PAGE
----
- taking a full medical history and assessing symptoms
- asking the person and their friends or family about:
- overall health
- the person’s ability to carry out everyday tasks
- any changes in their personality or behavior
- tests to check memory and attention, problem solving, counting, and language skills
- blood and urine tests to rule out other conditions
- MRI, CT, or PET scans to provide images of the brain
Factors that may increase the risk of vascular dementia include:
- high blood pressure
- conditions affecting the typical rhythm of the heartbeat
- high cholesterol
Managing risk factors may reduce the risk of developing dementia.
A combination of genetic, environmental, and lifestyle factors may cause Alzheimer’s disease. Risk factors for Alzheimer’s disease
- genetics, including having a certain gene that is a type of apolipoprotein E gene
- being an older adult
- a family history of Alzheimer’s disease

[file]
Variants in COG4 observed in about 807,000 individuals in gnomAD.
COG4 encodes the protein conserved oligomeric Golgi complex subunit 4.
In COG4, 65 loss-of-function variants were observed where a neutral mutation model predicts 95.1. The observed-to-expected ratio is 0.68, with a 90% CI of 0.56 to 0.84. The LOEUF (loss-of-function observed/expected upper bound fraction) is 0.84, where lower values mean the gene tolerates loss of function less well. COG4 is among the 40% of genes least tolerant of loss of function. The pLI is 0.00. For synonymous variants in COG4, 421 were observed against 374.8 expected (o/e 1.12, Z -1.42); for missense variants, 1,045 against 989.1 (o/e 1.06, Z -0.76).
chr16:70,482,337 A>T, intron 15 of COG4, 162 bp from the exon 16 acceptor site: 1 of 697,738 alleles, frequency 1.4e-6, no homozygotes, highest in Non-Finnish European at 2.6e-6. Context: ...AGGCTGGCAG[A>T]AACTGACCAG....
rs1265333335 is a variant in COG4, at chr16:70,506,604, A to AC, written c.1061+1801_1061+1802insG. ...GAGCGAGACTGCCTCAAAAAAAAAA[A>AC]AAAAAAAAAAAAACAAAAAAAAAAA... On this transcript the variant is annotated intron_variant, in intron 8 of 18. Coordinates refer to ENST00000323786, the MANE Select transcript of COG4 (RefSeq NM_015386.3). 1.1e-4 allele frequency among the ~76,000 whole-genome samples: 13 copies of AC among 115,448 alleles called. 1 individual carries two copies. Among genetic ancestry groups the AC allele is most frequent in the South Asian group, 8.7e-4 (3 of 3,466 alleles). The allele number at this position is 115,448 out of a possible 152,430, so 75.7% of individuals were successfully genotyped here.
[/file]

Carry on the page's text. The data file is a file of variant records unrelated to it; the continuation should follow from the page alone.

- head injury
- heart disease
- high blood pressure
- high cholesterol
- having obesity
Having Down syndrome can also increase the risk of developing Alzheimer’s disease. This is because the additional copy of chromosome 21 (which causes Down syndrome to occur) also contains the gene that creates amyloid.
Older adults who are Latino or African American may have an increased risk of Alzheimer’s disease compared with older adults who are white. Although the reason for this is not understood, it may be due to increased rates of vascular disease.
The following sections outline the treatment options for both types of dementia.
Treatment for vascular dementia may help to manage symptoms and prevent the condition from worsening. It can include medications to help prevent strokes and further damage to the brain.
Medications healthcare professionals prescribe to treat Alzheimer’s disease may help to treat early vascular dementia in some cases.
Treatment includes managing any underlying health conditions that are risk factors for a stroke.
Treatment for Alzheimer’s disease may help to manage behavioral and cognitive symptoms, as well as treating the underlying process that causes the disease.
Treatments may include:
- medications such as donepezil, rivastigmine, and galantamine, to help manage symptoms